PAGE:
Developer sued by DTLA artist collective over rent-restricted building

Fifteen Group bought the building, whose residents are part of Santa Fe Art Colony, then switched it to market-rate and jacked up rents

TRD LOS ANGELES /
Dec.December 06, 2019 03:49 PM
(Credit: Courtesy Santa Fe Art Colony Tenants Association and iStock)
The building at 2345 South Sante Fe Avenue. (Credit: Courtesy Santa Fe Art Colony Tenants Association via Los Angeles Magazine and iStock)

An artist collective is suing Fifteen Group, a month after the real estate investment firm jacked up prices on their rent-restricted Boyle Heights apartment building.

The Santa Fe Art Colony Tenants Association filed the suit Monday, claiming Fifteen Group illegally refused its effort to buy the property outright after switching the building to market-rate and dramatically raising rents.

The tenants association is part of the Santa Fe Art Colony, which was established in 1986 with city funding. It calls itself L.A.’s only rent-restricted artist-in-residence complex.

Miami-based Fifteen Group purchased the building at 2345 South Santa Fe Avenue last year. The resulting rent hikes took effect Nov. 1, and in some units went as high as three times their previous amount. For example, one unit went from $,1,400 per month to $4,500.

The lawsuit escalates a public battle pitting developer against artists. The Santa Fe Art Colony wants to preserve a piece of a neighborhood that has served as a hub of art studios. The lawsuit also makes use of an arguably obscure part of the state housing code.

According to the lawsuit, Fifteen Group, led by brothers Mark and Ian Sanders, purchased the property for $15 million in June 2018 from the city’s Community Development Agency. It had a 30-year agreement with tenants that expired in 2016, which had set rent restrictions on 85 percent of the units.

After Fifteen Group purchased the property, tenants made an offer to acquire it themselves for $16.8 million.

The tenants association alleges that Fifteen Group demanded $22 million, then did not negotiate in good faith with tenants over finding an agreeable purchase price.

By not negotiating, Fifteen Group allegedly violated state housing law saying that for rent-restricted properties, landlords must negotiate in good faith with “certain entities” who are interested in buying the property and retaining rent controls.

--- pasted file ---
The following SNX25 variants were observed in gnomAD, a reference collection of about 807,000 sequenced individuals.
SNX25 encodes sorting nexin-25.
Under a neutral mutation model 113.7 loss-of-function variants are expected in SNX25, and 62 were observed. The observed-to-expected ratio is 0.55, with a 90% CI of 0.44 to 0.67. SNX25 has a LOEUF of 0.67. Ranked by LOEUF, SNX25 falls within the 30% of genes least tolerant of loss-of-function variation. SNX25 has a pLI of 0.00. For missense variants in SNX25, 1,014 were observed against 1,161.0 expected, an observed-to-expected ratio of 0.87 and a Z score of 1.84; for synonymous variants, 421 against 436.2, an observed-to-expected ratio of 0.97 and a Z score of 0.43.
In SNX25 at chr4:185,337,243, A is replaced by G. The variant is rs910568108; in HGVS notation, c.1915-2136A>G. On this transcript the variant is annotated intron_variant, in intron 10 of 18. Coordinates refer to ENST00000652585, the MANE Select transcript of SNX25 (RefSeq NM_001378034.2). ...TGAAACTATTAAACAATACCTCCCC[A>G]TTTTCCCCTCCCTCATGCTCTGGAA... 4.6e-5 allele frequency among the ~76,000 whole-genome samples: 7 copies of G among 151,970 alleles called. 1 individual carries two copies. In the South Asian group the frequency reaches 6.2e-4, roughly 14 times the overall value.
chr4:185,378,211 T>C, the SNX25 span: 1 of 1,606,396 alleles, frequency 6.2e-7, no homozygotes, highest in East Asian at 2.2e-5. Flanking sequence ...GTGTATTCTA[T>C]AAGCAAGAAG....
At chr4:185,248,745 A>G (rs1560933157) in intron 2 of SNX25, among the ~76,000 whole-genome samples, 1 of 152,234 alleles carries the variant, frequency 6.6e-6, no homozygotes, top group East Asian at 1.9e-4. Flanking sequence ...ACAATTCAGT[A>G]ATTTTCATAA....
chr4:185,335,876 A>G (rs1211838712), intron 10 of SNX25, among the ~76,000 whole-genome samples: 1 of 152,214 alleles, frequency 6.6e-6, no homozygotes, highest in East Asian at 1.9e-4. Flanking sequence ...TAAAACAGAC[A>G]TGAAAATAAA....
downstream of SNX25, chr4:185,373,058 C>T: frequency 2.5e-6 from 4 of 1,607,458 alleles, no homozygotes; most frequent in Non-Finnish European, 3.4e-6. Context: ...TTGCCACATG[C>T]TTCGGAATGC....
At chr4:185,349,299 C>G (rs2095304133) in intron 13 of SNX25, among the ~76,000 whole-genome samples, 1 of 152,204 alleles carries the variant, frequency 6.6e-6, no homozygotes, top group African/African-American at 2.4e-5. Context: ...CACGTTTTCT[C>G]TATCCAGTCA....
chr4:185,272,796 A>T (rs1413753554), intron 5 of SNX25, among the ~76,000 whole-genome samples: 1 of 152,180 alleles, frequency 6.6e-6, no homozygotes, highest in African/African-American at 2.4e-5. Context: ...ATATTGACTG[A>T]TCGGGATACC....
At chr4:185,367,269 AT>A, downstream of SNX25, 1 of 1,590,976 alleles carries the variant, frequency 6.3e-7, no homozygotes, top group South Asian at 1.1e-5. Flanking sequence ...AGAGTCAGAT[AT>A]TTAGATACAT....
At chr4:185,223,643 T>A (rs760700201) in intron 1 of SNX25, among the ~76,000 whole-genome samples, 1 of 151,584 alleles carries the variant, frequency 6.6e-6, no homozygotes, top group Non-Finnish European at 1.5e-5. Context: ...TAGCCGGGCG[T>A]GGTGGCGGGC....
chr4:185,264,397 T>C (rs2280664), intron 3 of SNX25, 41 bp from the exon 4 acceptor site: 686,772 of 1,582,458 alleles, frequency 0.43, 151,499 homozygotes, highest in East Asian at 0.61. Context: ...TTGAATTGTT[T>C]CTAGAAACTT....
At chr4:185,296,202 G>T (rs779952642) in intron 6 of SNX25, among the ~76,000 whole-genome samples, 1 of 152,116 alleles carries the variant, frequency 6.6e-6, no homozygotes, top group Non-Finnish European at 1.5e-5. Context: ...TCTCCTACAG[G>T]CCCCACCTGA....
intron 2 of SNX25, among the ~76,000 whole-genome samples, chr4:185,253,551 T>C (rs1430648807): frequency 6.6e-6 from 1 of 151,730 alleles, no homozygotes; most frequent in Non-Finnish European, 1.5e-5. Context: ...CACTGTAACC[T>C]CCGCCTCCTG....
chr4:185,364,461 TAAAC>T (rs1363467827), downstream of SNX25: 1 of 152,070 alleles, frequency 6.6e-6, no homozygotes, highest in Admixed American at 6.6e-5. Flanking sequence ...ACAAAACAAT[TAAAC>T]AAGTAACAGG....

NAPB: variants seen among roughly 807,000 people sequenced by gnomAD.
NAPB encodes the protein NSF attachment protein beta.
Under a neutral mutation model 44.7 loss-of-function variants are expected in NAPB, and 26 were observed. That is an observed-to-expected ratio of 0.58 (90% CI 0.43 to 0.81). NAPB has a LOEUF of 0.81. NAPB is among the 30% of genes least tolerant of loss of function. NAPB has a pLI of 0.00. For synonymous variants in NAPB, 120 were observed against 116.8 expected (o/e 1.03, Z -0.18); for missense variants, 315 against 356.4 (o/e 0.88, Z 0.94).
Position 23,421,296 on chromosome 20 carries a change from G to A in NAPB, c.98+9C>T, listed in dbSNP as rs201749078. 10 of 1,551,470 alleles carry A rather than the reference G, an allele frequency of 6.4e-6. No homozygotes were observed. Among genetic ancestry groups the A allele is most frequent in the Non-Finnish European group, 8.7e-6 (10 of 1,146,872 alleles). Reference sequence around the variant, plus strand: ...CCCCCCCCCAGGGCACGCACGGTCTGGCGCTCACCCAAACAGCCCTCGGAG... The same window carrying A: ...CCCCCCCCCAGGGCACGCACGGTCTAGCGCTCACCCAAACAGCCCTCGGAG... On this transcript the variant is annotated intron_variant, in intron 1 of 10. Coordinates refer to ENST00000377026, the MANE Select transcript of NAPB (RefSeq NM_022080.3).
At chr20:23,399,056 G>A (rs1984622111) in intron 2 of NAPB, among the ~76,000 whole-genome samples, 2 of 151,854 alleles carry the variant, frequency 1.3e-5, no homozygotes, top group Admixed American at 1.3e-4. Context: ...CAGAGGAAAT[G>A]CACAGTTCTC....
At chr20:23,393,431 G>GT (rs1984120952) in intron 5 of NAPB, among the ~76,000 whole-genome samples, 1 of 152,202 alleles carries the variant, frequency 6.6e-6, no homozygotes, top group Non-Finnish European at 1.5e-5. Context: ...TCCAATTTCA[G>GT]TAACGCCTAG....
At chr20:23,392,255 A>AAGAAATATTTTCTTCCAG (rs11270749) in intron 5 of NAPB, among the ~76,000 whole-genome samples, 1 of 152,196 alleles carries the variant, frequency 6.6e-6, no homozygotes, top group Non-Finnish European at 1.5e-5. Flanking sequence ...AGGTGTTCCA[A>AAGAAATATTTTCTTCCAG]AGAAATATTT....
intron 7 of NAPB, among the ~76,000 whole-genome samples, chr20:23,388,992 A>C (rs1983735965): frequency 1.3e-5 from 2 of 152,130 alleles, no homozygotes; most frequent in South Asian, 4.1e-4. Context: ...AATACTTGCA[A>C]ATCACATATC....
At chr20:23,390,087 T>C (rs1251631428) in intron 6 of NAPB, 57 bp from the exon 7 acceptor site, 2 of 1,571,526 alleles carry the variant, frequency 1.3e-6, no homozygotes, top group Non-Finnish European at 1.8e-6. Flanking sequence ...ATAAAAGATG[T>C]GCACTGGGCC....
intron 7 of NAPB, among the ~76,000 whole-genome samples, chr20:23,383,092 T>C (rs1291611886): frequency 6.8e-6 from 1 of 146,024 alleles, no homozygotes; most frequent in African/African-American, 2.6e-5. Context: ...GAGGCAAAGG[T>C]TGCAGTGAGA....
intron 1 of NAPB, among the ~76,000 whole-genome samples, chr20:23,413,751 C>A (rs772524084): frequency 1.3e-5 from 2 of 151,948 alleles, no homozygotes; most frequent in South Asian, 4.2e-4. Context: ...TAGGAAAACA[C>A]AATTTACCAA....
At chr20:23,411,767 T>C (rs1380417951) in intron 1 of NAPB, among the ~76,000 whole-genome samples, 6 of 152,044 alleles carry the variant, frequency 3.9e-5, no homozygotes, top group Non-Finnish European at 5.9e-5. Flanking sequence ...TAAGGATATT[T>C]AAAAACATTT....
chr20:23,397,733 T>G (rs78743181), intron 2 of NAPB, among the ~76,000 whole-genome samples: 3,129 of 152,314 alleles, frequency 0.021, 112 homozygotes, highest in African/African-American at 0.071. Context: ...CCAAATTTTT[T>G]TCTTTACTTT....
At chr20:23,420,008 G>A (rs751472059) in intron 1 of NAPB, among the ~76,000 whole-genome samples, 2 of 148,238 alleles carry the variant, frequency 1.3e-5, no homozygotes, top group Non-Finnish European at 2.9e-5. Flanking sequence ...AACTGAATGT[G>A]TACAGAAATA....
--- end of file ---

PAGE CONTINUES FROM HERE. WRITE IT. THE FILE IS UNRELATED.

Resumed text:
The tenants association is represented by Sheppard, Mullin Richter & Hampton. The white shoe firm usually represents developers and investors in real estate disputes.

Messages left Friday with Fifteen Group, which has a satellite office in Downtown L.A., were not returned.

The real estate investment firm has grabbed headlines for its Miami deals, including making a $20 million profit in 2014 from flipping a FedEx building.


Related Articles

arrow_forward_ios
The coronavirus pandemic could worsen California’s affordable housing crisis

COVID-19 exposes the utter dysfunction plaguing affordable housing development in California

COVID-19 exposes the utter dysfunction plaguing affordable housing development in California
From left: Neil Shekhter and Governor Gavin Newsom (Credit: Kevin Scanlon, Justin Sullivan/Getty Images, and iStock)

Tenant group calls for CA rent strike

Tenant group calls for CA rent strike
Skid Row Housing Trust CEO Lee Raagas and a rendering of the project (Credit: Michael Maltzan Architecture via Urbanize)

Skid Row Housing Trust, Michael Maltzan Architecture plan mass-timber housing tower

Skid Row Housing Trust, Michael Maltzan Architecture plan mass-timber housing tower
EKN Development Partner’s hotel rendering

Developer seeks to build hotel near Echo Park

Developer seeks to build hotel near Echo Park
Los Angeles City Attorney Mike Feuer (Credit: iStock)

City Attorney Mike Feuer will run for mayor. Here’s what it means for LA real estate

City Attorney Mike Feuer will run for mayor. Here’s what it means for LA real estate
Hobart Garden Apartments at 1344 N Hobart Boulevard (Credit: Google Maps)

Reiner Communities pays $48M for 142-unit East Hollywood complex

Reiner Communities pays $48M for 142-unit East Hollywood complex
Steve Ballmer, Mayor James Butts and the Forum (Credit: Jeff Gross/Getty Images, Frederick M. Brown/Getty Images for WE Day, and Ritapepaj/Wikipedia)

Clippers could sail into Inglewood buoyed by Ballmer’s billions

Clippers could sail into Inglewood buoyed by Ballmer’s billions
From left: Renderings of La Veranda and The Chesterfield (Credit: Abode Communities/Urbanize)

Developers land $43M to construct affordable housing projects across LA County

Developers land $43M to construct affordable housing projects across LA County
arrow_forward_ios

The Deal's newsletters give you the latest scoops, fresh headlines, marketing data, and things to know within the industry.

Loading...